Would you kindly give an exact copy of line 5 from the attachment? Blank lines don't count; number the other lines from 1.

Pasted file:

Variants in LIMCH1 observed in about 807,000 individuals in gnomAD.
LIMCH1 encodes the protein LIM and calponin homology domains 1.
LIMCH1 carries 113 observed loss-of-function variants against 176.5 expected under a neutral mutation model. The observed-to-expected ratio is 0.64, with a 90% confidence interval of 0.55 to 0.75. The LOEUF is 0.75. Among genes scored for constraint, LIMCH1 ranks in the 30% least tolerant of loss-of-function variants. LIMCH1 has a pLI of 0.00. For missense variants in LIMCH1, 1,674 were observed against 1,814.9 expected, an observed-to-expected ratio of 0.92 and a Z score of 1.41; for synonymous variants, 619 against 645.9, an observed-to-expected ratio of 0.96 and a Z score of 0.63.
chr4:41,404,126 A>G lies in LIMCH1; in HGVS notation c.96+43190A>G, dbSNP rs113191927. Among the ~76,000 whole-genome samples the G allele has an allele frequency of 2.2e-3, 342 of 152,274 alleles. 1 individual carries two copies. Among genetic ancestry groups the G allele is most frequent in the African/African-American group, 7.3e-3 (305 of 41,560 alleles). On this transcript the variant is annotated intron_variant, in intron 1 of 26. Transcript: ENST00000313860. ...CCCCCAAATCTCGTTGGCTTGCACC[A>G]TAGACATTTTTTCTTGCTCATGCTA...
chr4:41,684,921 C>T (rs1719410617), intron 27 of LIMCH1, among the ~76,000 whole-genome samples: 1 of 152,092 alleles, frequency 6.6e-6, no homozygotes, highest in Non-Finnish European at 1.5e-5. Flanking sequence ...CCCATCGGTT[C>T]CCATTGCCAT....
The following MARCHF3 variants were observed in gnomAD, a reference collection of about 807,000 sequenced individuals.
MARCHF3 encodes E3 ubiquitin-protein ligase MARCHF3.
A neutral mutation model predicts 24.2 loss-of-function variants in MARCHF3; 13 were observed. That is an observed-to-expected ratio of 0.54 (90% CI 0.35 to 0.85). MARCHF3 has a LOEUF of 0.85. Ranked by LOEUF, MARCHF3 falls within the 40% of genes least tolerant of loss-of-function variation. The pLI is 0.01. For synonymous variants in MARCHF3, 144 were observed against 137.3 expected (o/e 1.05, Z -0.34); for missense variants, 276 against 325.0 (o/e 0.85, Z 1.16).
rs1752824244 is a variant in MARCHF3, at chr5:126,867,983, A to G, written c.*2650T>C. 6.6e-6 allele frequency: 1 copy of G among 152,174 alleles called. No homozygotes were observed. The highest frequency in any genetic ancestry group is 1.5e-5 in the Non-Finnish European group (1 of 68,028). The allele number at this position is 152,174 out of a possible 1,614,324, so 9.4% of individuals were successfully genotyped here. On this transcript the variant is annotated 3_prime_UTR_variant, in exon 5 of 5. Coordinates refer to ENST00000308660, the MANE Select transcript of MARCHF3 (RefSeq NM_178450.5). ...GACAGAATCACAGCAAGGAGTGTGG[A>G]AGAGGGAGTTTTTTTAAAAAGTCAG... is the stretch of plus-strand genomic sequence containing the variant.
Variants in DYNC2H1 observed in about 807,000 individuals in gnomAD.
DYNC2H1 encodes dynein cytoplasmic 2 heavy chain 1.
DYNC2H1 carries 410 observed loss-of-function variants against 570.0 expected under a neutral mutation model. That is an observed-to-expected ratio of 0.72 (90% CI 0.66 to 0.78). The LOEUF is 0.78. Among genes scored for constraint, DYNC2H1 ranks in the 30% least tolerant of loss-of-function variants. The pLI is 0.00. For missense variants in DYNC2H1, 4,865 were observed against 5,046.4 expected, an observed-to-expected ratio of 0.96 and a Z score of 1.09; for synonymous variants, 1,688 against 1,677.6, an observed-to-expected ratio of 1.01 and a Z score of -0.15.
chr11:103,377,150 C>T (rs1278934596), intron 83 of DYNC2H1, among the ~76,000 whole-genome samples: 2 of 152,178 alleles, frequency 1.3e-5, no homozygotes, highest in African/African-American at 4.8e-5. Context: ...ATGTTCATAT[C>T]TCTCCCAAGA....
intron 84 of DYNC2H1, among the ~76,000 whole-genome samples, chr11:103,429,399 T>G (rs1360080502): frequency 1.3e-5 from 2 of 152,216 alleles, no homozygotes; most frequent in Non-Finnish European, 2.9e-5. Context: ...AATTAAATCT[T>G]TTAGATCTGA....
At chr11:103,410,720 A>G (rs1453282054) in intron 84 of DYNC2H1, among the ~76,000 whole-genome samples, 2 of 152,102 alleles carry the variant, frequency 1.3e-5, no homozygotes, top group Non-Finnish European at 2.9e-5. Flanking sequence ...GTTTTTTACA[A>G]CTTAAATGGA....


chr4:41,684,921 C>T (rs1719410617), intron 27 of LIMCH1, among the ~76,000 whole-genome samples: 1 of 152,092 alleles, frequency 6.6e-6, no homozygotes, highest in Non-Finnish European at 1.5e-5. Flanking sequence ...CCCATCGGTT[C>T]CCATTGCCAT....